The Mercator projection is a basic scientific tool for navigation at sea and in aircraft. Its mathematically derived design shows the surface of the world such that the correct compass course between any two points can be read from the map as the angle of the straight line between the two points on the map (a map property known as "fidelity of angle"):
The compass course from Northwest Cape in Australia to Sri Lanka (line 1) is 315° (toward NW), the compass course from Ireland to Jamaica (line 2) is 225° (toward SW).
The Mercator projection does not conserve area (as indicated by the varying distance between the horizontal lines that depict lines of constant latitude); in fact, area goes to infinity as the poles are approached. The North and South Pole can therefore not be shown in Mercator projection. Regions and continents are shown in extremely misleading sizes, as can be appreciated by comparing Greenland with Arabia or North America with Africa on the map and on the globe:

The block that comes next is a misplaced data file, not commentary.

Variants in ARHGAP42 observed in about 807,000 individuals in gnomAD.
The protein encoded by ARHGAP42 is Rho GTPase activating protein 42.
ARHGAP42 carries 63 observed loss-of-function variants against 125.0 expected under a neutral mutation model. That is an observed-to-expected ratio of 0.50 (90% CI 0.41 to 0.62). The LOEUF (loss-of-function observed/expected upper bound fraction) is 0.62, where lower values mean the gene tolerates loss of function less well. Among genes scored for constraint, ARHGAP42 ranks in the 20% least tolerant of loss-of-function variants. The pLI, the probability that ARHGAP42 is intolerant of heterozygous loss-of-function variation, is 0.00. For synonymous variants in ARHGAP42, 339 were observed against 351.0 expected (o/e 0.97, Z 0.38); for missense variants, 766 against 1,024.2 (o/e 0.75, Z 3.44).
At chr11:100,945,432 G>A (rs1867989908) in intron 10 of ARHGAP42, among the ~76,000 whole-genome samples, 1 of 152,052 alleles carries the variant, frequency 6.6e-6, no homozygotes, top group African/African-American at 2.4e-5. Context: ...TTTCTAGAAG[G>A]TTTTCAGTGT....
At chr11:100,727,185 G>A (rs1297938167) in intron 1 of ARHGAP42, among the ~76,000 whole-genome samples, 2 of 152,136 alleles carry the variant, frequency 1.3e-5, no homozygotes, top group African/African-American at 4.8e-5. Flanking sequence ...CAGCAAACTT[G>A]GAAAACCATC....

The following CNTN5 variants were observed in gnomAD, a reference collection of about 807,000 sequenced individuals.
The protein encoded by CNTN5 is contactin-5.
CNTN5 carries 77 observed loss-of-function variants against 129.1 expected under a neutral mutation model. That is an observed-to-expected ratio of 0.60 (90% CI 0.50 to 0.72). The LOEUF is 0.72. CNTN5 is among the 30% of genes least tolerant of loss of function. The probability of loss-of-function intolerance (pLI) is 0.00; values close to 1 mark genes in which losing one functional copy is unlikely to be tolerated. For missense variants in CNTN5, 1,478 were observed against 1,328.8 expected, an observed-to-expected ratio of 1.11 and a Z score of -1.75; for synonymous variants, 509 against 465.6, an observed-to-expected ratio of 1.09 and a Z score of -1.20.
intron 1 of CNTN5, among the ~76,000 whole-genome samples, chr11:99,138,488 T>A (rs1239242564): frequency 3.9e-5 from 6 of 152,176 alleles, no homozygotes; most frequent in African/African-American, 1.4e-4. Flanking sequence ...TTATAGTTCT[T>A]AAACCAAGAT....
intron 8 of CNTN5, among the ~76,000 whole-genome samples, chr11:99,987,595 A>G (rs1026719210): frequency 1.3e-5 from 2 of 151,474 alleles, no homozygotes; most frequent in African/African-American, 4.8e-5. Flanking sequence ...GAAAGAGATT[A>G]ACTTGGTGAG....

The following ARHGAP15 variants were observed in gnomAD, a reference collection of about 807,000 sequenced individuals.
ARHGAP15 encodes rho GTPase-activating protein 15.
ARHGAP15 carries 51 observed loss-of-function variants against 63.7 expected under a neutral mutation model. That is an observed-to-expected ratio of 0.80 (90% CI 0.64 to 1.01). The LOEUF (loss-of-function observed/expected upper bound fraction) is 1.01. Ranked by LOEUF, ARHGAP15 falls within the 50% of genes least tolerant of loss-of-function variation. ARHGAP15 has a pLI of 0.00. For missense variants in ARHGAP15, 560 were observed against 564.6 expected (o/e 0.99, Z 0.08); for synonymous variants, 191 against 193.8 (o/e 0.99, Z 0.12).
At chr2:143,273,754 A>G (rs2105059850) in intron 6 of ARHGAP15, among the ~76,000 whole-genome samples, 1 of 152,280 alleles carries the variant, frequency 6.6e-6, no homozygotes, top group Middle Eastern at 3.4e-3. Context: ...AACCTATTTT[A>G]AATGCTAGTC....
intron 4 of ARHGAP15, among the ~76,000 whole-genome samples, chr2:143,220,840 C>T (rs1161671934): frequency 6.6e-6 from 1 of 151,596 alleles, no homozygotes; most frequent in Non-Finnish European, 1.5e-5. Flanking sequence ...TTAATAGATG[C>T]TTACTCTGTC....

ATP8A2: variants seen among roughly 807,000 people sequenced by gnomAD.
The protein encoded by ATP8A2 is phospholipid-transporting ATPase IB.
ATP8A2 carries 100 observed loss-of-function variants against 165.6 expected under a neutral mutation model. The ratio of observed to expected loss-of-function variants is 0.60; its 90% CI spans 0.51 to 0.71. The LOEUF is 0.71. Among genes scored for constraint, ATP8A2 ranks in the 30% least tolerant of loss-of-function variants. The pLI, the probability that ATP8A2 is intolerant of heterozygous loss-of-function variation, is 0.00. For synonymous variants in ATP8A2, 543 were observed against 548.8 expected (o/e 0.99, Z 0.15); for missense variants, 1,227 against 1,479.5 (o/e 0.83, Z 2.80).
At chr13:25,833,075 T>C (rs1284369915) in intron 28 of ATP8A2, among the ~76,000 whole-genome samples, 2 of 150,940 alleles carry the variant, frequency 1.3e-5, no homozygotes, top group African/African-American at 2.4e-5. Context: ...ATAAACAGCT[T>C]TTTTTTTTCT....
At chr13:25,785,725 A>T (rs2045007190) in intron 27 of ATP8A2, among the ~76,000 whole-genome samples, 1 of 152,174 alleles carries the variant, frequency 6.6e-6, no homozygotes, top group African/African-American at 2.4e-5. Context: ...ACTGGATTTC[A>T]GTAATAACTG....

The Mercator projection should therefore not be used for geographical maps; it is strictly a scientific tool for navigation. Geographical maps require fidelity of area; such maps are also known as equal area projections. Several variations of such projections have been derived over the centuries; two examples are shown below.
The Mollweide projection, developed by the German mathematician Karl Brandon Mollweide (1774 - 1825).
The Hammer projection, developed by the German cartographer Ernst Hammer in 1892.